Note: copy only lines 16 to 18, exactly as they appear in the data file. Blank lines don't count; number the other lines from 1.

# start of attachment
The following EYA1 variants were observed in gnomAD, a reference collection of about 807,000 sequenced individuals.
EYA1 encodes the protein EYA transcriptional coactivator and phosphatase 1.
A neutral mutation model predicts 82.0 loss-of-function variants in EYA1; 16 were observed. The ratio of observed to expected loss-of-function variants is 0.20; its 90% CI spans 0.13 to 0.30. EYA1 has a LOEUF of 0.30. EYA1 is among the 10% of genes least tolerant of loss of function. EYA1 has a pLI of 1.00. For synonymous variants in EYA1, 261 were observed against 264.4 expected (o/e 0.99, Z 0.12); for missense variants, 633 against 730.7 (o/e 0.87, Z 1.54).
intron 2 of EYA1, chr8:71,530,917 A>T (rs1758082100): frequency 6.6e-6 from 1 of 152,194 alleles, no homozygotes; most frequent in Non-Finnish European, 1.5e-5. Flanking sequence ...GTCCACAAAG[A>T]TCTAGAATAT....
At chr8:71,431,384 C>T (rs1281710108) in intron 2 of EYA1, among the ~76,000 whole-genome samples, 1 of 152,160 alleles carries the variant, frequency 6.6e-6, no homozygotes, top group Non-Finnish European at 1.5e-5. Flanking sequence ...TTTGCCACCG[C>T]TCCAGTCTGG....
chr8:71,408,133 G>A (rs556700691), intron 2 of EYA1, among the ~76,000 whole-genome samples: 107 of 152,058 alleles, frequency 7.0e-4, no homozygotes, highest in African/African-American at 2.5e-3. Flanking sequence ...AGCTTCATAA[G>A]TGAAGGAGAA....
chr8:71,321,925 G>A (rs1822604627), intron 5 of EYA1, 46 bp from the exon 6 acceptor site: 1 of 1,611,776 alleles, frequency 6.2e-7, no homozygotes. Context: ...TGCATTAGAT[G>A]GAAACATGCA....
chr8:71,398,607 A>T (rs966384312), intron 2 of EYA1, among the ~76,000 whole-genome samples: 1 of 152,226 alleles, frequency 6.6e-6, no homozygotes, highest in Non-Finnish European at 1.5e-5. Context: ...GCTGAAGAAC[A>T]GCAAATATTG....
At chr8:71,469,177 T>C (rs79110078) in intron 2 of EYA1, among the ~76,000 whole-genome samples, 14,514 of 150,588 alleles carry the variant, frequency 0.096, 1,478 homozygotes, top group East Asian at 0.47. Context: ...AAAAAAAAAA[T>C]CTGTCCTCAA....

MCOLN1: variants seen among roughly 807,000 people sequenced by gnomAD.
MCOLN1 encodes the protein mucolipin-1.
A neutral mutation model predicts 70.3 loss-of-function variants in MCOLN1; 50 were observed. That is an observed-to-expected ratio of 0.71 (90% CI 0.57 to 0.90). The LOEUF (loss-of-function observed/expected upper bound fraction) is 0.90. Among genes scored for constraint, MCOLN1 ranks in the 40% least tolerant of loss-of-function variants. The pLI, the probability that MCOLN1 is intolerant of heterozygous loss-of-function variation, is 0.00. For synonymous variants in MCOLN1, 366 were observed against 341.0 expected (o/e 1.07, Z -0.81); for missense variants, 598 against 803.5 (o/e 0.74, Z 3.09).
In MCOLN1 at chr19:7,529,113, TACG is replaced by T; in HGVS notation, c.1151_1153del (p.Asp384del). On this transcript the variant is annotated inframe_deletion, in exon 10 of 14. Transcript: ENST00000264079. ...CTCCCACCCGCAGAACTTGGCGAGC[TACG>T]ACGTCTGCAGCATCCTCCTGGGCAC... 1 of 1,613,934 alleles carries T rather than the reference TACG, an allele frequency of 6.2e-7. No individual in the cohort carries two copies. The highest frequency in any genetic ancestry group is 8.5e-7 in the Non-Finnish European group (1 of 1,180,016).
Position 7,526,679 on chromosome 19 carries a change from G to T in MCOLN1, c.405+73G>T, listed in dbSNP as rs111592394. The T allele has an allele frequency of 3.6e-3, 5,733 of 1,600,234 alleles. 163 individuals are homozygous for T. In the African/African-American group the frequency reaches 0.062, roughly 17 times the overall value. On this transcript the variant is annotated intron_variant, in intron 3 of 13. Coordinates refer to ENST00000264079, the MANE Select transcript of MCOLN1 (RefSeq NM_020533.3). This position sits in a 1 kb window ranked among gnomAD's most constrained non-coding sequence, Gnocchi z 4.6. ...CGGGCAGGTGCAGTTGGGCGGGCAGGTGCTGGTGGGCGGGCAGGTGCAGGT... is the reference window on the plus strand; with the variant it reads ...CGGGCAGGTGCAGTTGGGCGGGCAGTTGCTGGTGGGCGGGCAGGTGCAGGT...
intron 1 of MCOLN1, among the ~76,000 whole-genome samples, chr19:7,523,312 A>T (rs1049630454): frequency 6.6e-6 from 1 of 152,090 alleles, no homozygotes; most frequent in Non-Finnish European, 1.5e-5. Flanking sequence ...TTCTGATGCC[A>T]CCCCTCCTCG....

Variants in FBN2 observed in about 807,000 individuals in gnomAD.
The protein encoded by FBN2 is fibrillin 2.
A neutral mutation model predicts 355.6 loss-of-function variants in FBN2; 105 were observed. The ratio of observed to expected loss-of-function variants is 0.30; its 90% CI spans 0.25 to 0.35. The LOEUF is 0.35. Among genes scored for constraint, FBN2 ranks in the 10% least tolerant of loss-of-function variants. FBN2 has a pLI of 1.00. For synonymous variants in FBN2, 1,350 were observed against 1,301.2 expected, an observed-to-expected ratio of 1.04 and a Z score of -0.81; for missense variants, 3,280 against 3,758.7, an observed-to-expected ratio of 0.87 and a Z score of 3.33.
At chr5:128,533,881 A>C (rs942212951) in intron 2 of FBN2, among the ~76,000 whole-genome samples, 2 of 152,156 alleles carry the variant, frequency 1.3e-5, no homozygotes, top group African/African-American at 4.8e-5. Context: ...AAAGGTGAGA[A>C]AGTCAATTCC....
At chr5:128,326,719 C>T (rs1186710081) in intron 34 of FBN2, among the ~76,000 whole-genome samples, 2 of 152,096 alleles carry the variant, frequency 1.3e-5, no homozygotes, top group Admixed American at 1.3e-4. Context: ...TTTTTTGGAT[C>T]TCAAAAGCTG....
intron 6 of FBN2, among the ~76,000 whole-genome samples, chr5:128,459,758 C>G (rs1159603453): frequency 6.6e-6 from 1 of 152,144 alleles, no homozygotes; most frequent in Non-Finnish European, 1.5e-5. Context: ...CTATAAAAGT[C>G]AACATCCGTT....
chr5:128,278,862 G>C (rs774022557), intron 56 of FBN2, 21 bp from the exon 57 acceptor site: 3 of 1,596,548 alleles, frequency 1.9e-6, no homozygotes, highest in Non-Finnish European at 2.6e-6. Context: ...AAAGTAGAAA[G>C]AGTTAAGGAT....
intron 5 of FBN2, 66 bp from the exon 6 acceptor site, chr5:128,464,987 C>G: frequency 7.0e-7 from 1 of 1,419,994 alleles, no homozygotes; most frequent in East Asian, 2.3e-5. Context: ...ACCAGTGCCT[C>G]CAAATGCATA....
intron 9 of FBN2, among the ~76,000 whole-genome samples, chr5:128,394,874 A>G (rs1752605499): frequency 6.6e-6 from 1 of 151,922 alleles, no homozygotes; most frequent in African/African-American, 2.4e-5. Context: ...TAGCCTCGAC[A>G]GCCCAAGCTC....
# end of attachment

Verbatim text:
Variants in FBN2 observed in about 807,000 individuals in gnomAD.
The protein encoded by FBN2 is fibrillin 2.
A neutral mutation model predicts 355.6 loss-of-function variants in FBN2; 105 were observed. The ratio of observed to expected loss-of-function variants is 0.30; its 90% CI spans 0.25 to 0.35. The LOEUF is 0.35. Among genes scored for constraint, FBN2 ranks in the 10% least tolerant of loss-of-function variants. FBN2 has a pLI of 1.00. For synonymous variants in FBN2, 1,350 were observed against 1,301.2 expected, an observed-to-expected ratio of 1.04 and a Z score of -0.81; for missense variants, 3,280 against 3,758.7, an observed-to-expected ratio of 0.87 and a Z score of 3.33.